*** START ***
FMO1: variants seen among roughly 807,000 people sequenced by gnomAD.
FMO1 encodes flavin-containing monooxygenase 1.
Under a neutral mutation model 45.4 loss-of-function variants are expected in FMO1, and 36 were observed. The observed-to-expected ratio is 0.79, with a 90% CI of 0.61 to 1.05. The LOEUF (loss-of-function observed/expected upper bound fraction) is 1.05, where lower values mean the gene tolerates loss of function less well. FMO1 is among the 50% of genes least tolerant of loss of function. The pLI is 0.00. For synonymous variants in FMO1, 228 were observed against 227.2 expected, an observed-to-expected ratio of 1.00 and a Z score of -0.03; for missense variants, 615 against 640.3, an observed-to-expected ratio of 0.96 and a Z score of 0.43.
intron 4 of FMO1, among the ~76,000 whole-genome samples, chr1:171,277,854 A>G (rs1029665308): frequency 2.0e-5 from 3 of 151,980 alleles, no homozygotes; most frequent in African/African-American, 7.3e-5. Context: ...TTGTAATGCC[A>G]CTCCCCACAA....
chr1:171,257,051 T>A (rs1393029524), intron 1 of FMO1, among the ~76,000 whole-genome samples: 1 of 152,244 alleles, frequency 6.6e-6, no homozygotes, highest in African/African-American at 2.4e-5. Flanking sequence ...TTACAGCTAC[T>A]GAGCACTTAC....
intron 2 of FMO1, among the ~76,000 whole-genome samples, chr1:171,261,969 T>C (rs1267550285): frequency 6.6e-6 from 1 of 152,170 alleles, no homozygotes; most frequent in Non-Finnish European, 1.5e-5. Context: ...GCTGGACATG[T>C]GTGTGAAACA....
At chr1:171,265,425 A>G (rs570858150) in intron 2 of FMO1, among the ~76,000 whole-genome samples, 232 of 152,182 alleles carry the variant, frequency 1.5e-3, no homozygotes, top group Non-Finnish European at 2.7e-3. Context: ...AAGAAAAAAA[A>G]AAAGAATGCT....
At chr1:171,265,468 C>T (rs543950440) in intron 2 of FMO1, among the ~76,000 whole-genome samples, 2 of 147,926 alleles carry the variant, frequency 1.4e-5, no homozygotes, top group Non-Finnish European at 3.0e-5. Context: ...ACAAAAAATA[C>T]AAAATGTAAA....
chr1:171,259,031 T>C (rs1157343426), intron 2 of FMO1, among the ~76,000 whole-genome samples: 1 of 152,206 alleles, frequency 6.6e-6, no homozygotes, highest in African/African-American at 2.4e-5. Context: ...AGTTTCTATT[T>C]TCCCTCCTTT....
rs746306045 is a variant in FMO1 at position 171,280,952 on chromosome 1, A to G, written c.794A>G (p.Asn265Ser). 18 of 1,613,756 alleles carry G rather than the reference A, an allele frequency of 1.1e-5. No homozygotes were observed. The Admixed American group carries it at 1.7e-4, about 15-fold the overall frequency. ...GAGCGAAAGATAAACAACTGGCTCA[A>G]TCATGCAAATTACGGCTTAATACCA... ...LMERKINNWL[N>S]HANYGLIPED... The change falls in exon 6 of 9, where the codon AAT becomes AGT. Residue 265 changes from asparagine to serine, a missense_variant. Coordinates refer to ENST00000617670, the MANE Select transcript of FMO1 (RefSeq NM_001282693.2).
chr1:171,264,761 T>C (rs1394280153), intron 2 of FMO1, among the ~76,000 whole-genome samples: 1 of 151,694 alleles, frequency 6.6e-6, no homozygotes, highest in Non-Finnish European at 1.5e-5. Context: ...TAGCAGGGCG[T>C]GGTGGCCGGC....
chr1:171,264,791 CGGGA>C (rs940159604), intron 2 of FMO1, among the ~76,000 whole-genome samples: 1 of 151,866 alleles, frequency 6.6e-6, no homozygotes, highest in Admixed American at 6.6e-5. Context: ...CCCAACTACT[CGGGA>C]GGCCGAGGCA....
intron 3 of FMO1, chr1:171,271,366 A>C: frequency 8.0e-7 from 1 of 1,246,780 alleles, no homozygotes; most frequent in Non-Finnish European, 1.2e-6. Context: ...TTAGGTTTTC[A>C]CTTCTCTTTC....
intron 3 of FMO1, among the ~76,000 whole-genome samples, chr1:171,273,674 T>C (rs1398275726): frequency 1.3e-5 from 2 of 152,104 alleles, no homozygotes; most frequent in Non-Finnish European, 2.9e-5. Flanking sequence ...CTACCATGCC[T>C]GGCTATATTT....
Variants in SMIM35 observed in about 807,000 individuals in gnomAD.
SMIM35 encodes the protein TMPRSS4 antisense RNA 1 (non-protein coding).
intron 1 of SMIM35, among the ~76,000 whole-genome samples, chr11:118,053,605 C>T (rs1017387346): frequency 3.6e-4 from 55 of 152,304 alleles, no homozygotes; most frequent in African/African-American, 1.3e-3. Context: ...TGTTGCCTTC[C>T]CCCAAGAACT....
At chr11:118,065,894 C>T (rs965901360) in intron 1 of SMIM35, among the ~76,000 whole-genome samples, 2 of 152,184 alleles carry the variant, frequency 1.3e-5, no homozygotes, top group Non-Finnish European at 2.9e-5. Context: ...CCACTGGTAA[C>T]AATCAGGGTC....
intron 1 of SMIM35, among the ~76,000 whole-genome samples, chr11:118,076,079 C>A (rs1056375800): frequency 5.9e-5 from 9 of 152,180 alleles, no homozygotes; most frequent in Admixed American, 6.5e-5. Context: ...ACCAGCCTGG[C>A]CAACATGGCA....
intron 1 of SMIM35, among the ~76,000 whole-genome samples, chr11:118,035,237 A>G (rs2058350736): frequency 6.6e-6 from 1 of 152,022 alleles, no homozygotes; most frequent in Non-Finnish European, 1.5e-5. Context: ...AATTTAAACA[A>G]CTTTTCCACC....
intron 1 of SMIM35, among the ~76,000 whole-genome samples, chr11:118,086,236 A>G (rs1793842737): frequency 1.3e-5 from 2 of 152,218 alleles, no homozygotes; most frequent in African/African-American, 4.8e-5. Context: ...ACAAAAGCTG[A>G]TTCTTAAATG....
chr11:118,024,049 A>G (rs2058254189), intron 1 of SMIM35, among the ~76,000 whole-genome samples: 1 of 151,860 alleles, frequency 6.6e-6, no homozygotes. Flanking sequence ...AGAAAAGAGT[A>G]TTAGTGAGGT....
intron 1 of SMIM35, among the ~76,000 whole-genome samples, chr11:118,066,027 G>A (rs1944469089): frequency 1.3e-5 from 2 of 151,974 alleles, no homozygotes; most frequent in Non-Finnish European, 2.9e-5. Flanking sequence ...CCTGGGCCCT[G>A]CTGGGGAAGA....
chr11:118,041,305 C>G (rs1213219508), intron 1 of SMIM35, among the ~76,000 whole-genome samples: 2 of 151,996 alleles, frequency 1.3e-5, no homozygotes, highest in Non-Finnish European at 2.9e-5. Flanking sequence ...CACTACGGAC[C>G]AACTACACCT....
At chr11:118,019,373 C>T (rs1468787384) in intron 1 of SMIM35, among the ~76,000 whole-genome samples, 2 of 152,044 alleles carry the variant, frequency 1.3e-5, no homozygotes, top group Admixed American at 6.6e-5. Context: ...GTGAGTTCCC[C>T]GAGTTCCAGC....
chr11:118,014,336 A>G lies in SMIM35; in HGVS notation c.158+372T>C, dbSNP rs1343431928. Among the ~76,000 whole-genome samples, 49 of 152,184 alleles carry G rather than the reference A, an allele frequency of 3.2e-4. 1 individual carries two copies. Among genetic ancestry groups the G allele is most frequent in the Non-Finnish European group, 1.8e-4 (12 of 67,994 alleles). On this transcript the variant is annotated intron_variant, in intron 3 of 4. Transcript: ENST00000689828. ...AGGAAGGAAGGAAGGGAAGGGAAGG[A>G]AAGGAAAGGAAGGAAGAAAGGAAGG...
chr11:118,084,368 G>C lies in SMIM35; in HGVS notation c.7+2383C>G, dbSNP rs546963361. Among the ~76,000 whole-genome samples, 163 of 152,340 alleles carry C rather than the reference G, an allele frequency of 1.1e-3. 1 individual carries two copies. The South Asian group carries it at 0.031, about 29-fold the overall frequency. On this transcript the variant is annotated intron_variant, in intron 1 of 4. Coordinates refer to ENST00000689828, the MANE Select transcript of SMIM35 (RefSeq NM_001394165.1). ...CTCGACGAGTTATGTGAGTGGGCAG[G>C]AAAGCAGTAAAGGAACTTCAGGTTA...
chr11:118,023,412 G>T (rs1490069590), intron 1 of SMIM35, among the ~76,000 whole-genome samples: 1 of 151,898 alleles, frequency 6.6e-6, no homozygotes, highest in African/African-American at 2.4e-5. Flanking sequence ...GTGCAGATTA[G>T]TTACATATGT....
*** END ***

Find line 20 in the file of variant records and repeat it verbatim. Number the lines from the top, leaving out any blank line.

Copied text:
intron 1 of SMIM35, among the ~76,000 whole-genome samples, chr11:118,035,237 A>G (rs2058350736): frequency 6.6e-6 from 1 of 152,022 alleles, no homozygotes; most frequent in Non-Finnish European, 1.5e-5. Context: ...AATTTAAACA[A>G]CTTTTCCACC....